Sign of the times as council opts to remove finger posts in Bath
A tourist attraction boss has responded angrily to the removal of finger post signs which direct people around the city.
Bath and North East Somerset Council is taking them all down and replacing them with a system of “monolith” maps instead.
Phil Andrews, who owns the Chapel Arts Centre and is co-director of the Jane Austen Centre, said the new maps were not as good at directing people to the key tourist spots.
He said: “The signs are brilliant. We immediately noticed a difference when they went up.
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“The maps are very useful but they are not a replacement for signs. You can only get two or three people around one of the maps, but you could 30 or 40 people looking at signs, and the signs are far easier to use.
“The council never consults on these things, or if they do, they don’t talk to the people that count. Everybody is struggling these days and we need people to be able to find us easily.”
Mr Andrews added that the Jane Austen Centre opened after the signs were erected but paid £4,500 ten years ago to have 30 £150 signs added.
But a B&NES spokesman said there were now 33 maps around the city and they were already working well.
He said: “The council has received excellent feedback about the maps which provide people with a clear sense of their surroundings and enable them to explore and experience the hidden streets and the alleyways of the city and to appreciate the breadth and number of attractions on offer.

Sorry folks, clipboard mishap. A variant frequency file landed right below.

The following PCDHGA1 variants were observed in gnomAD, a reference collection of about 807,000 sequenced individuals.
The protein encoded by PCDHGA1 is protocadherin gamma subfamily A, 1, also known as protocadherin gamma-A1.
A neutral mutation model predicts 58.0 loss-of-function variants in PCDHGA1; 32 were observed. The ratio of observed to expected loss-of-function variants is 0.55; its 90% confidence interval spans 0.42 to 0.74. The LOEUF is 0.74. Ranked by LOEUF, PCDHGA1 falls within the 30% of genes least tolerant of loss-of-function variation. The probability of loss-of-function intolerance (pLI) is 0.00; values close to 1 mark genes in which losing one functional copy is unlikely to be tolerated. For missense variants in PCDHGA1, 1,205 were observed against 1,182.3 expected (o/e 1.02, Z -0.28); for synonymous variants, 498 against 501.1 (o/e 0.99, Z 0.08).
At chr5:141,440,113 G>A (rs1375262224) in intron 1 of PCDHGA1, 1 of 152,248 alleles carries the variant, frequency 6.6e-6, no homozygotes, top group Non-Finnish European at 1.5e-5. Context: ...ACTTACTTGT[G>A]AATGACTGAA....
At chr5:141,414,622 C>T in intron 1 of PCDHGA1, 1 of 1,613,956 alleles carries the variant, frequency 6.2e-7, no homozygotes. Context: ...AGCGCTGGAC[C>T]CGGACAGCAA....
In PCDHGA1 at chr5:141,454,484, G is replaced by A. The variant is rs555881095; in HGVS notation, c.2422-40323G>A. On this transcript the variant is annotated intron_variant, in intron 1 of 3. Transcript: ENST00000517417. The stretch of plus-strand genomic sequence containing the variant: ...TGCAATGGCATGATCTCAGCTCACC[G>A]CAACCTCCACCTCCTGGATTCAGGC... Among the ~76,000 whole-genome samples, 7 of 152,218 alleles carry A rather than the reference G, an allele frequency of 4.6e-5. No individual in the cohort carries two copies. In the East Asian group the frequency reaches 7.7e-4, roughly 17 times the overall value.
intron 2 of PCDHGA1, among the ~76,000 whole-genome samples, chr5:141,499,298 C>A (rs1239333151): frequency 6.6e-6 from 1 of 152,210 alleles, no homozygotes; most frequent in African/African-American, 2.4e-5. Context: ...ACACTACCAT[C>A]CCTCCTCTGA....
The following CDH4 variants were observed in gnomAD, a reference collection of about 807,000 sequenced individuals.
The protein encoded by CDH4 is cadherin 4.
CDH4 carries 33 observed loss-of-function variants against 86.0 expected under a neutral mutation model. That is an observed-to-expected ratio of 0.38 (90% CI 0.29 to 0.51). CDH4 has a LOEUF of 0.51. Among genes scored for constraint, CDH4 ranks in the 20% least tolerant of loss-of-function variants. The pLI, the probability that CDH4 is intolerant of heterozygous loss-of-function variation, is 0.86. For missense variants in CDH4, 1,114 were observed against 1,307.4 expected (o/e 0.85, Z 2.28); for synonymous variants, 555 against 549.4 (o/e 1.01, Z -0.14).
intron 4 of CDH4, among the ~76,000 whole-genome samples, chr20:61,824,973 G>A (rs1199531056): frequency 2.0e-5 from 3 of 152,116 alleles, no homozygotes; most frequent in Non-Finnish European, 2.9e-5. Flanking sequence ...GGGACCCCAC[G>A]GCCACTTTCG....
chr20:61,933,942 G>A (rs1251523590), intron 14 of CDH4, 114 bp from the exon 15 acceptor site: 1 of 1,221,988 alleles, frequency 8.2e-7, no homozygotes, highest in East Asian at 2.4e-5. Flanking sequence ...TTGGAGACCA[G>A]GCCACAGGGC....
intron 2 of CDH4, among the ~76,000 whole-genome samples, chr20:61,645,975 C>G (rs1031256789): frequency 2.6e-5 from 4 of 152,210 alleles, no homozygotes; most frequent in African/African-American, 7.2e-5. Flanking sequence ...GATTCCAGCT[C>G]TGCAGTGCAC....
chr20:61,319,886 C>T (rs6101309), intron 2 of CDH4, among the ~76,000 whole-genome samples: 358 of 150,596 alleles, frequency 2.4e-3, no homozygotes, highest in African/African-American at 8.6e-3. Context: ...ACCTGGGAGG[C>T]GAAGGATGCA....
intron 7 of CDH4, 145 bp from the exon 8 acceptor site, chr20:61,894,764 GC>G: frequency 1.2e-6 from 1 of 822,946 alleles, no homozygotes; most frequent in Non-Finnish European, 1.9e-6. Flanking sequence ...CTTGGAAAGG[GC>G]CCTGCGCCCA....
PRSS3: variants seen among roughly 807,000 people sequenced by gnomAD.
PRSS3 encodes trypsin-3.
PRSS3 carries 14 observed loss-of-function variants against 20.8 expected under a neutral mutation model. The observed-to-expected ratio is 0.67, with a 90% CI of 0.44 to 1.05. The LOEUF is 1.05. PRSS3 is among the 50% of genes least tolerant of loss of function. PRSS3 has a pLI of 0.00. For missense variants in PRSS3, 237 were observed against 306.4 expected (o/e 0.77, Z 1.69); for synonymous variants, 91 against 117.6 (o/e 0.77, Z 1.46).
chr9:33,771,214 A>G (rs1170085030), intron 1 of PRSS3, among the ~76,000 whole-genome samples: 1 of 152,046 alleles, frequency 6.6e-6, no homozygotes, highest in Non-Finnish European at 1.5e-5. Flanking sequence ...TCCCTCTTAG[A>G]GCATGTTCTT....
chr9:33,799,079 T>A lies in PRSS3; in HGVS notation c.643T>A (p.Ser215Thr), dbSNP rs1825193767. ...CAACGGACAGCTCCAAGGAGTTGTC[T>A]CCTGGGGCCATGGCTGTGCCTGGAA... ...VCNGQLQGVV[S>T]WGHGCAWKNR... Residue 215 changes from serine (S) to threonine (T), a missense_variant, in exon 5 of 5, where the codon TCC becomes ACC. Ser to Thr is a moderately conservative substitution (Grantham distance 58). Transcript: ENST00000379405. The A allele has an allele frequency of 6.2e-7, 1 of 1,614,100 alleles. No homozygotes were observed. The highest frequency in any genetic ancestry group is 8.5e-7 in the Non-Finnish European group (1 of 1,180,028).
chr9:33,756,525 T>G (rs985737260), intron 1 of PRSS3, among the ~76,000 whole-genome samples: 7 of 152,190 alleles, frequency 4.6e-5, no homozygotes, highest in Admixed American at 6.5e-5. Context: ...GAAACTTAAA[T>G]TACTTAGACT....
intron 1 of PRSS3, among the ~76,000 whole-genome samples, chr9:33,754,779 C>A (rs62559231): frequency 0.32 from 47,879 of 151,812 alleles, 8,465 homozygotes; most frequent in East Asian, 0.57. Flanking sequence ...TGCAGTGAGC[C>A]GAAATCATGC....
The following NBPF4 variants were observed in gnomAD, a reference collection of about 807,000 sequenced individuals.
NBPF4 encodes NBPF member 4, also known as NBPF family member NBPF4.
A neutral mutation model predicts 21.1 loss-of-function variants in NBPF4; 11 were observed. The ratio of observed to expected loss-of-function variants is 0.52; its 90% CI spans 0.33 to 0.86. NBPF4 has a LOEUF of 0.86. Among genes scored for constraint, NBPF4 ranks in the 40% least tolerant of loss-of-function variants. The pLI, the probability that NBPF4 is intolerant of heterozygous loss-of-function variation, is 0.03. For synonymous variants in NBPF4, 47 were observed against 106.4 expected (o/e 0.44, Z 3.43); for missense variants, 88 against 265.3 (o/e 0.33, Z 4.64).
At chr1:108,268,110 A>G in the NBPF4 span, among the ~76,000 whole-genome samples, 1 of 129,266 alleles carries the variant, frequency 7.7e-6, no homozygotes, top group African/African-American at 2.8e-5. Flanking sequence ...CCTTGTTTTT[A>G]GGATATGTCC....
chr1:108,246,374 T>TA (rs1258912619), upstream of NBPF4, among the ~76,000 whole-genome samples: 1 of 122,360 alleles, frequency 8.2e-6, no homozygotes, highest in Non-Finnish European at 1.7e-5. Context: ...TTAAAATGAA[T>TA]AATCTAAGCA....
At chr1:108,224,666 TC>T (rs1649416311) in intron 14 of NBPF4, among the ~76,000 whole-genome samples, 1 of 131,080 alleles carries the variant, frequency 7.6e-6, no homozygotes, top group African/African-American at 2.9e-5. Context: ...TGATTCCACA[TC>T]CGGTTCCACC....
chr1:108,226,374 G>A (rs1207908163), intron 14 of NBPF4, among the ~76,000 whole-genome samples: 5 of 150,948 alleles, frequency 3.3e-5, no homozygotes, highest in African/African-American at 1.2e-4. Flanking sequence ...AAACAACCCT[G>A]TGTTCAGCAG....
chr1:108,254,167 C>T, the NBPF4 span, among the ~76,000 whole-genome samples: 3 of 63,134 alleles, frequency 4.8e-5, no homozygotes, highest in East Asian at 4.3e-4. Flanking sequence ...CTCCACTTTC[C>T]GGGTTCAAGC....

“The intention has always been to replace the existing finger posts with the new City Information System as part of our plan to declutter the streets of signage – a small number of finger posts will be kept on the edge of the city centre where the map monoliths are not present.”
This view was backed by Caroline Kay, chief executive of the Bath Preservation Trust, who said that once the maps were in place the signs had to go as part of a bid to reduce street clutter.
She added: “I am not convinced that the finger posts were very good at directing visitors round town – feedback was that the city was very ‘hard to read’ and the maps are attempting to remedy this.”
The chief executive of Bath Tourism Plus Nick Brooks-Sykes said: “Bath is a very walkable city and therefore we should be making it as easy as possible for visitors to find their way around.
“The new monoliths are one of the ways that visitors can orientate themselves, whilst the new, free to download Bath App is another.
“The current finger posts are in a poor state of repair and certainly need to be reviewed.
“We know from visitor research that the finger posts are an effective way of informing visitors: it remains to be seen whether the monoliths alone will be as effective.”
Visitor Sandra Downey from Cardiff said: “We didn’t really use the maps as we found our own way around by just wandering. We didn’t use the old signposts either but it would be a shame to get rid of them.”